Ahead of Higher Ed: Lost in transfer
Students who begin their college careers in community colleges are less likely to graduate with a bachelor’s degree in four years because of credits lost in the transfer process, according to a new study by the American Education Research Association.
The study followed a “nationally representative” selection of 13,000 first-time-in-college students who started college in 2004 at community colleges or four-year institutions, according to Inside Higher Ed, and they were interviewed six years later. Their transcripts were also taken into consideration.
“About 14 percent of transfer students in the study essentially began anew after transferring,” according to the paper, titled The Community College Route to the Bachelor’s Degree. “Their new institution accepted fewer than 10 percent of their community college credits.”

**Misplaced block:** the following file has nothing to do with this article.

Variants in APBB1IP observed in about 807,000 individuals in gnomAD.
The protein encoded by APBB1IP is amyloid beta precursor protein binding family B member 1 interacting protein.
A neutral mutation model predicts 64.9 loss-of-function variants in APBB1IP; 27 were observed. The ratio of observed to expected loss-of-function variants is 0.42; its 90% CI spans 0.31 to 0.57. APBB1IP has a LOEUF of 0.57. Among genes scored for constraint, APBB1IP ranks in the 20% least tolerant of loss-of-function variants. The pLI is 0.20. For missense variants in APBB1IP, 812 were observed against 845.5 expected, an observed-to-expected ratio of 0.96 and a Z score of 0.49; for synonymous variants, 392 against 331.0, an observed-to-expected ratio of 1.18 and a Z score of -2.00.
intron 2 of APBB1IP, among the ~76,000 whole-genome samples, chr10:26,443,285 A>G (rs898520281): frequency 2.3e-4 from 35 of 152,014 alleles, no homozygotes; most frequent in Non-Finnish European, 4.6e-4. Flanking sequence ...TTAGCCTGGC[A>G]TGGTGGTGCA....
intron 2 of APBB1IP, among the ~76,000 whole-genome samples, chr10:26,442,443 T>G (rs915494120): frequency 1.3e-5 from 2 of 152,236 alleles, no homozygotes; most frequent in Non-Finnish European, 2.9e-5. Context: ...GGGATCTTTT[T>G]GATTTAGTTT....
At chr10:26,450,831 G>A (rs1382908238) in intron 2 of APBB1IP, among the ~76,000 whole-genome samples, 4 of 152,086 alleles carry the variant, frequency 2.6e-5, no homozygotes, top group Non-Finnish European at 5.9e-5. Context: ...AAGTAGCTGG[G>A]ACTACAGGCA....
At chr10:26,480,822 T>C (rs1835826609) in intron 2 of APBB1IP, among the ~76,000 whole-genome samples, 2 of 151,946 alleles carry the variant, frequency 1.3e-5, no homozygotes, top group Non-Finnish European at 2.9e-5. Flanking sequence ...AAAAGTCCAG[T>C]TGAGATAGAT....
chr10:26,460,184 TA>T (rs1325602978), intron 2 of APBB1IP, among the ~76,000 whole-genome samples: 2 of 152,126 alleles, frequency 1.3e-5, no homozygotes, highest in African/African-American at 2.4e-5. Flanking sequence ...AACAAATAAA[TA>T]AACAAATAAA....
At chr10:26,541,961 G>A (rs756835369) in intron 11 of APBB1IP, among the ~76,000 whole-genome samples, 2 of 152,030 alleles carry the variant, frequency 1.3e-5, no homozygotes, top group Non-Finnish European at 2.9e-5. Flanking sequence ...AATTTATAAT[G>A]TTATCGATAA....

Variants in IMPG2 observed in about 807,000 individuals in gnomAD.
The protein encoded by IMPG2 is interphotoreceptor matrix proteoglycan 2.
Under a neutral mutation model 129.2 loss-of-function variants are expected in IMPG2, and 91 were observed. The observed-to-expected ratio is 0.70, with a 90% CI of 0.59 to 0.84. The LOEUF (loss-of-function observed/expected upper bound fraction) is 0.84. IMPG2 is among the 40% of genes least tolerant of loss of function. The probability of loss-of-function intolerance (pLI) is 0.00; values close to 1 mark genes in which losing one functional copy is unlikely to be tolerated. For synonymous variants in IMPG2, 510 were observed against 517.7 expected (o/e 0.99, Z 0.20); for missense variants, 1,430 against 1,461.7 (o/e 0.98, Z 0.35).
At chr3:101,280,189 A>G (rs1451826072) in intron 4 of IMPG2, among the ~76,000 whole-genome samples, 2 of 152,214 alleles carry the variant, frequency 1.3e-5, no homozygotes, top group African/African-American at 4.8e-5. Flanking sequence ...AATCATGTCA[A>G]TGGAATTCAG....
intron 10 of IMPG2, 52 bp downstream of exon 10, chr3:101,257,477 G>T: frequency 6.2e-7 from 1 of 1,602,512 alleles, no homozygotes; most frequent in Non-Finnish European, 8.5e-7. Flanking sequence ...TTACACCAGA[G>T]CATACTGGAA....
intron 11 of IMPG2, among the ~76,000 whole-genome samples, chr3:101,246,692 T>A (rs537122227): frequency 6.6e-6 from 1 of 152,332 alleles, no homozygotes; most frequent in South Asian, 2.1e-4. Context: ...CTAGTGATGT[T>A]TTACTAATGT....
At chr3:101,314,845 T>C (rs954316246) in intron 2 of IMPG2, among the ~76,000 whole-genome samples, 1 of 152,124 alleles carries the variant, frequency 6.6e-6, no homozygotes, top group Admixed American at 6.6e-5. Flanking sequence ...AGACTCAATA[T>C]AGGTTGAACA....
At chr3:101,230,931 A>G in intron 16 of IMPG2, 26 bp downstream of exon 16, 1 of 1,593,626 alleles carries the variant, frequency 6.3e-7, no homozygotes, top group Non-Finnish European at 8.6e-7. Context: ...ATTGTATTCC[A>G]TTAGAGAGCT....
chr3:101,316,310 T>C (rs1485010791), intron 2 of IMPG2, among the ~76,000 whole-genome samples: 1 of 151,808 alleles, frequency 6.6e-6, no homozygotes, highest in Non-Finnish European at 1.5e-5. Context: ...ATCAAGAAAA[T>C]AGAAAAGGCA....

The paper, which was published Wednesday in the journal Educational Evaluation and Policy Analysis, noted that 28 percent of transfer students lose between 10 and 89 percent of their credits.
In fact, the study found that of the students who completed two years at a community college, or 60 credit hours, and expressed their interests in completing their bachelor’s degrees, only 60 percent successfully transferred to a four-year university. The reasons for the transfer failures were not able to be determined by the authors and researchers.
Shining a positive light on the community college experience, the results showed that transfer students had similar completion rates to the students who started at four-year institutions. This means that the education received at the community-college level adequately prepared the students for the four-year universities.